Growth Models and Development Strategies
Credits: 4 ECTS
This course introduces the main theories of economic growth and key contributions in the development literature, as well as their policy implications. It deals with fundamental questions such as: Why are there rich and poor countries? Why some countries grow while others stagnate? How can a poor country industrialise? What are the appropriate policies to support growth and development in the 21st century?
The course is organised into three interrelated modules:
- Module I. Growth and development (sessions 1 and 2)
- Module II. Structural change and natural resources (sessions 3 to 6)
- Module III. Trade and Development - Recent Debates on Globalization (sessions 7 to 12)
The first Module deals with the relationship between economic growth and human development and discusses the main insights of the neo-classical growth model. The second Module pays particular attention to the process of structural change and economic dualism. It concentrates on the crucial themes of industrialisation and urbanisation under globalisation, as well as the “resource curse” debate. The third Module is devoted to discussing the linkages between trade and development and recent debates on globalization with an emphasis on the role of technology, policies (e.g., trade policies), and politics, and the relevance of global value chains in the world economy.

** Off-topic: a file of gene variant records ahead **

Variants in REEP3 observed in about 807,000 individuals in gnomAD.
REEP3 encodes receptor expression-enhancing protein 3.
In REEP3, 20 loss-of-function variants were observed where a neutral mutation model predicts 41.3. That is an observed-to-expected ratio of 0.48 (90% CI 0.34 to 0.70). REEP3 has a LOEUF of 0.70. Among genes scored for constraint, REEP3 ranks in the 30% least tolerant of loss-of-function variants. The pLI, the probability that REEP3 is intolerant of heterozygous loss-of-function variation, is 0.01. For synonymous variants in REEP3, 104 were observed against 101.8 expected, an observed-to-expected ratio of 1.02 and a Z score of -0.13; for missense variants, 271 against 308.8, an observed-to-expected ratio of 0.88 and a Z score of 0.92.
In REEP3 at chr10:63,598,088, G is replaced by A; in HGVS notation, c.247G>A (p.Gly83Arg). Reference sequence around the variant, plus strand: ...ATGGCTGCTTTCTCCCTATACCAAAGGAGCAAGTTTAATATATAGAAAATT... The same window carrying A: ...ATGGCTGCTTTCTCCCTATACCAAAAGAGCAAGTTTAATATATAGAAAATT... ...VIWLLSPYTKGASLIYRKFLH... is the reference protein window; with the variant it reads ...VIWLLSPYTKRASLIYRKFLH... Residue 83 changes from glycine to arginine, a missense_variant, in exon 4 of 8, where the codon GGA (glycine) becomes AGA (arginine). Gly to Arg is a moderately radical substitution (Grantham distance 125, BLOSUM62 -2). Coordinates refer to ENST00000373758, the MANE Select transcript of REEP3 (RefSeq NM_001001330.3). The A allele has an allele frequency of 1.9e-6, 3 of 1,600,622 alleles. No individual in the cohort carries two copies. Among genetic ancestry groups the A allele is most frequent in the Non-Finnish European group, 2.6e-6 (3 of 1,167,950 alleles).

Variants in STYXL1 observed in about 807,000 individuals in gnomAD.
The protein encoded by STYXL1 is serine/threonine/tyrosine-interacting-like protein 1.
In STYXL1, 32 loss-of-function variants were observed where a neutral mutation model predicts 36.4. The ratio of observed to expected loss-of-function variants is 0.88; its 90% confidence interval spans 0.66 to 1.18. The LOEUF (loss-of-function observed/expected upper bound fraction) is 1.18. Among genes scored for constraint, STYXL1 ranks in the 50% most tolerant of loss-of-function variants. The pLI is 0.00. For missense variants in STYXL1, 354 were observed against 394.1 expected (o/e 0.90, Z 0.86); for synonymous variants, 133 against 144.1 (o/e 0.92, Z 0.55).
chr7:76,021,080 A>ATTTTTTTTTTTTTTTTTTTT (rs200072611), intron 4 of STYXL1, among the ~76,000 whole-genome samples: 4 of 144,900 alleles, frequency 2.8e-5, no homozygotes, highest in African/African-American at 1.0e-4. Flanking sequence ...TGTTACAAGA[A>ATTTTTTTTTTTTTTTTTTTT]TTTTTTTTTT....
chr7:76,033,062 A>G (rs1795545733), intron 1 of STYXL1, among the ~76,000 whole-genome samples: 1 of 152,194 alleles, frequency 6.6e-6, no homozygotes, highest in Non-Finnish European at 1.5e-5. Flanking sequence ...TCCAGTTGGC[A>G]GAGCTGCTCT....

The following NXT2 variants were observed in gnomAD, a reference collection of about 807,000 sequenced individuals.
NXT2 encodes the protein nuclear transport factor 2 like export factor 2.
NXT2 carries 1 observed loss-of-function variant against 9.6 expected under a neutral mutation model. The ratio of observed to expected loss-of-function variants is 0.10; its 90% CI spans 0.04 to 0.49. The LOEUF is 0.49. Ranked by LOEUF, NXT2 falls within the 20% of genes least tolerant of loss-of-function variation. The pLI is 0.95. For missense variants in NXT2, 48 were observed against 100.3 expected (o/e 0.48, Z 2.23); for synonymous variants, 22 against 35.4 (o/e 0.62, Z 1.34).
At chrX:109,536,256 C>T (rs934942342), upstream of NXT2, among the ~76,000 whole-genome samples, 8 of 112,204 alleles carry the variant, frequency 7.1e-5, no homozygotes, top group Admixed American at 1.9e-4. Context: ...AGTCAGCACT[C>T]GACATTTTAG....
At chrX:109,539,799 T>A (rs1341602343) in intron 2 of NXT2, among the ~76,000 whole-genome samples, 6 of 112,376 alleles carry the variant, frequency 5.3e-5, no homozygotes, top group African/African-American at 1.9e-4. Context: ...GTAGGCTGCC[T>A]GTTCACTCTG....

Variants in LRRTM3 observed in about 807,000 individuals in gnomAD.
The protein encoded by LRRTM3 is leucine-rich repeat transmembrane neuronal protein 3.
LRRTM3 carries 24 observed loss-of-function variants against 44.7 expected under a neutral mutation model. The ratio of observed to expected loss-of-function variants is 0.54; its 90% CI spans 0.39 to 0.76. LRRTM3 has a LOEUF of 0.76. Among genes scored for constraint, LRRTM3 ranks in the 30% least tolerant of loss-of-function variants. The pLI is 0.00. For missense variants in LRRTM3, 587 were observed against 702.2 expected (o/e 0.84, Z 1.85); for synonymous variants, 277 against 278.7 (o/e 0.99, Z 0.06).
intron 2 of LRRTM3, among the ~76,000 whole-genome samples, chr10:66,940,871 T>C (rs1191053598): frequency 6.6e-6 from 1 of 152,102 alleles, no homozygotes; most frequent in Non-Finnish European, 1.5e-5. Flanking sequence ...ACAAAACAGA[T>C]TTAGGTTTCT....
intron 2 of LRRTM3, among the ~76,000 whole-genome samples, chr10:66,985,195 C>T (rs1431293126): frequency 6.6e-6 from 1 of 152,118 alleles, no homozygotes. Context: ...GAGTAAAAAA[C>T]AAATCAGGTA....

The course is structured in twelve sessions of 1:45 hours each. Students are expected to read beforehand a list of key readings and are encouraged to participate actively during lectures. Please see below for the days and times of the sessions.
The assessments will be as follows:
Country report on topics covered in Module 2 to be presented in class by teams of 4 students. This task will make 40% of the overall grade.
Policy memo on topics covered in Module 3 to be presented in session 12 by teams of 4 students. This task will make 40% of the overall grade.
Individual online test to be taken at the end of the course (date to be arranged), contributing to the remaining 20% of the overall grade. This is a multiple-choice test to assess the understanding of key ideas and concepts covered during the course.
More details will be given in due course.